Ocular Pathology

Use it to review eye pathology for Ophthalmology Board Review or OKAP. Anatomy and pathology of the human eye. Included solar-lentigo, phakomatous choristoma (phacomatous-choristoma), congenital hereditary endothelial dystrophy, Fuch's dystrophy, bullous keratopathy, conjunctival nevus, syringoma, primary acquired melanosis,carcinoma-in-situ, BIGH3 dystrophy, and other lesions seen in eye-pathology. The cornea, iris, lens, sclera, retina and optic nerve are all seen.

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Monday, February 05, 2007

Persistent Hyperplastic Primary Vitreous (PHPV)

Definition: PHPV is a congenital condition with persistent hyaloid vasculature and mesenchymal tissue from the embryonic primary vitreous in a microphthalmic eye. It is often seen in combination with other syndromes. The syndrome has been renamed recently as persistent fetal vasculature.
Incidence/Prevalence: Rare. About 50 cases were seen in a busy pediatric referral surgery practice over 10 years (Ref 2).
Etiology: Described by Reese in 1949, PHPV is thought to be congenital. As the ectoderm of the lens plate and neuroectoderm of the optic vesicle separate, vasoformative mesenchymal tissue normally grows in to the space. In PHPV the tissue is thought to persist, hence the name. Recently it was discovered that mice lacking a tumor suppressor gene (Arf) have an anomaly similar to human PHPV. (Ref 1) PHPV has been described in association with neurofibromatosis 2 and Axenfeld-Rieger syndrome with its concomitant chromosomal abnormality.
Clinical Findings: The disease may be either unilateral (90%) or less commonly bilateral (10%). The patient usually has leukocoria, markedly reduced vision and a small eye.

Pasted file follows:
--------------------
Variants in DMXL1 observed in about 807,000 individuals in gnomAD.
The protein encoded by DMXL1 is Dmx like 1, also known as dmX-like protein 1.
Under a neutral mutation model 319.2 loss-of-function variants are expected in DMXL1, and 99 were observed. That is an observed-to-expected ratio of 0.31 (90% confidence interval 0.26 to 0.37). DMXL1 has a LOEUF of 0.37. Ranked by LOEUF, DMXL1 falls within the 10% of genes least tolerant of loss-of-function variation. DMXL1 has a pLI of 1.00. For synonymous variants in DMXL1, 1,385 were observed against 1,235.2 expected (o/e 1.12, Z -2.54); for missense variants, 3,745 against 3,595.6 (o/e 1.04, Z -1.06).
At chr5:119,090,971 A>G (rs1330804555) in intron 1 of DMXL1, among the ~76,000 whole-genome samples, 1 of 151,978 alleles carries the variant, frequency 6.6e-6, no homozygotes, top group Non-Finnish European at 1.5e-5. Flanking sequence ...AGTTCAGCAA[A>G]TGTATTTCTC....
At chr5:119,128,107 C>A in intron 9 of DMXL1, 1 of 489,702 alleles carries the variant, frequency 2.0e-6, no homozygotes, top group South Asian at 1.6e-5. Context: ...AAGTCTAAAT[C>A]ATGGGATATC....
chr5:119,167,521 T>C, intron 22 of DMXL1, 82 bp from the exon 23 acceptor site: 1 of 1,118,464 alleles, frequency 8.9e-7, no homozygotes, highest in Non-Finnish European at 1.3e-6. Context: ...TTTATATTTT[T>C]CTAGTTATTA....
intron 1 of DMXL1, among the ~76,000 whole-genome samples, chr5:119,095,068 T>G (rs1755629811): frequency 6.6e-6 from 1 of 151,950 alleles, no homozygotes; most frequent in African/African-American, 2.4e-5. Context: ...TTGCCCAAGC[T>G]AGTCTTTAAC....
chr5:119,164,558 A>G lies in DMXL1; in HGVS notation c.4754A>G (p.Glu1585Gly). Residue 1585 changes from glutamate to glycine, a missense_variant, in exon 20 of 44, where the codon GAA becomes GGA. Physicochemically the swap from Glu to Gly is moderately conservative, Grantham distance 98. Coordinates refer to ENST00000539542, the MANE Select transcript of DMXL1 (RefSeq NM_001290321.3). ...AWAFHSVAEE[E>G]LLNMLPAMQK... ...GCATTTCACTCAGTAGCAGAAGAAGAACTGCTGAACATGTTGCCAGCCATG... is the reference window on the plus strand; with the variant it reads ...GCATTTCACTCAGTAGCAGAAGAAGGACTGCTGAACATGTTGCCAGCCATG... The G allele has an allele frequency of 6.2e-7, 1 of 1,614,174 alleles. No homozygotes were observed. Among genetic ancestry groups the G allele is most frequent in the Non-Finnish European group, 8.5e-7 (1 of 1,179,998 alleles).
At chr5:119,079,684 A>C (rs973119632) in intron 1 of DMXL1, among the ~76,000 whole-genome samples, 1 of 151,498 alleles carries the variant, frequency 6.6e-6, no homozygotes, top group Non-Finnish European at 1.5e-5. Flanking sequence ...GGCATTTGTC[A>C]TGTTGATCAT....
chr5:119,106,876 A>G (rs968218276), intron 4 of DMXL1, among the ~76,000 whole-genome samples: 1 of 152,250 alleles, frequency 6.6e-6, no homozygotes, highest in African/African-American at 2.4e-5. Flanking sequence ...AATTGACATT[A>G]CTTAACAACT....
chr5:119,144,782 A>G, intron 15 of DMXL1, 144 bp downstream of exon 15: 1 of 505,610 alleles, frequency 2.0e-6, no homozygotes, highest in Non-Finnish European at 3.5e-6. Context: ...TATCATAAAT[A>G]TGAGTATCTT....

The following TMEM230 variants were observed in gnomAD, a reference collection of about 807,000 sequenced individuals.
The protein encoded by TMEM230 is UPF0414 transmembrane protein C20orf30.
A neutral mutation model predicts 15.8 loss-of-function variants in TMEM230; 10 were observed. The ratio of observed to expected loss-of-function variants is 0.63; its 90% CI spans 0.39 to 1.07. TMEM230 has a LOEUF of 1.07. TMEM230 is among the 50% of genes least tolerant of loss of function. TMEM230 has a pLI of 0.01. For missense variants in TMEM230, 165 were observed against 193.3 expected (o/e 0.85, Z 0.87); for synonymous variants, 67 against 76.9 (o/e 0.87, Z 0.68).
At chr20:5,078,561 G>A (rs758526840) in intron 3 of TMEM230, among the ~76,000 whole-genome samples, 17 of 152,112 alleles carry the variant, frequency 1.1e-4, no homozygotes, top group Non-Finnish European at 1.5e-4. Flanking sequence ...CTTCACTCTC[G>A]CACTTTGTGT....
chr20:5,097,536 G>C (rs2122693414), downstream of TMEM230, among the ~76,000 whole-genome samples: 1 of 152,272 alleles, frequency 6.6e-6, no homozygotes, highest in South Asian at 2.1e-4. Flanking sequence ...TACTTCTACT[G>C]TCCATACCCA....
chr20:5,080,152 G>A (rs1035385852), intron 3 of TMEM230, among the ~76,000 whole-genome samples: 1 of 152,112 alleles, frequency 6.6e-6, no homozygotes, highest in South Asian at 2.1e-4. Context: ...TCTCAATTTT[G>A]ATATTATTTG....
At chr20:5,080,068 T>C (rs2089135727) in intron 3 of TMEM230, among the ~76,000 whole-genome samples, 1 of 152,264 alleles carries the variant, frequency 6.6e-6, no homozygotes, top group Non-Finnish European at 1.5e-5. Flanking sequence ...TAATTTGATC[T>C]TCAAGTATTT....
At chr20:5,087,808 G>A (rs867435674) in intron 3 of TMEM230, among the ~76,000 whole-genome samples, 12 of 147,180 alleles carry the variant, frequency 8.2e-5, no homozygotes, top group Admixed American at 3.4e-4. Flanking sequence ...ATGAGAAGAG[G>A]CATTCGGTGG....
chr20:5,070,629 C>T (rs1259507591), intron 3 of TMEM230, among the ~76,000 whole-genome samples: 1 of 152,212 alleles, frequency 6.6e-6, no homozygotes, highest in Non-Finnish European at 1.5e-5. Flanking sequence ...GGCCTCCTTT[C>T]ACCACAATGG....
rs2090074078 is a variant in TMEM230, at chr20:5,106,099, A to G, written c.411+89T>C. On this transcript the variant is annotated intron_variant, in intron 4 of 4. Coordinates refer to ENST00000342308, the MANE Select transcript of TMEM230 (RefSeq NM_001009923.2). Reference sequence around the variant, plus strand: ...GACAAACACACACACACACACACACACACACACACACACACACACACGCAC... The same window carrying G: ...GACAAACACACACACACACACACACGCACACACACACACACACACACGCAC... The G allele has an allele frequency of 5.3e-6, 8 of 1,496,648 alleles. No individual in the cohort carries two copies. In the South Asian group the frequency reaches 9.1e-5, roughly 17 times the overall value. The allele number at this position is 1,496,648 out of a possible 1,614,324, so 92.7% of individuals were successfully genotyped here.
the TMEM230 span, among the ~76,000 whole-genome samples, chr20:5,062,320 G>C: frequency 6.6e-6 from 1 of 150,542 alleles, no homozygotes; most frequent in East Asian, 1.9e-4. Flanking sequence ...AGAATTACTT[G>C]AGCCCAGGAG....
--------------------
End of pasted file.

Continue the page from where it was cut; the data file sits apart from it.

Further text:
Gross: The earliest or most mild findings are elongation of the ciliary processes and the eye may be normal in size. In more severe cases the eye is small (as shown in the figure). There may be an accompanying retinal detachment that is considered by most to be tractional. In the figure there is clearly blue subretinal exudate that fills the vitreous cavity around the retinal detachment (arrow 1). In most cases, fibrovascular or primitive vasoformative tissue (number 2) and mesenchymal tissue, including cartilage, mature adipose tissue and smooth muscle, arise from the primitive tissue behind the lens. Often times a hyaloid vessels is seen attaching to the mesenchymal tissue which is directly behind the lens. The mesenchymal tissue is attached laterally to elongated and centrally dislocated ciliary processes (arrow 3), a characteristic pathologic feature. Retinal dysplasia may be seen in the retina behind the lens (arrow 5). Microophthalmia, cataract (here a generalized cortical cataract) and a variety of anomalies of the anterior chamber angle are seen with PHPV. In this figure the iris completely occludes the angle and trabecular meshwork with extensive peripheral and central (arrow 4) anterior synechiae.
Treatment: Lensectomy with or without anterior or total vitrectomy, and trabeculectomy are generally the procedures that are performed depending on the clinical presentation. The retinal detachment can be repaired. Attempts at early surgical rehabilitation prior to 77 days may have a better visual outcome. (Ref 2)

Thorton J.D. IOVS 2007

Hunt A. BJO 2005.

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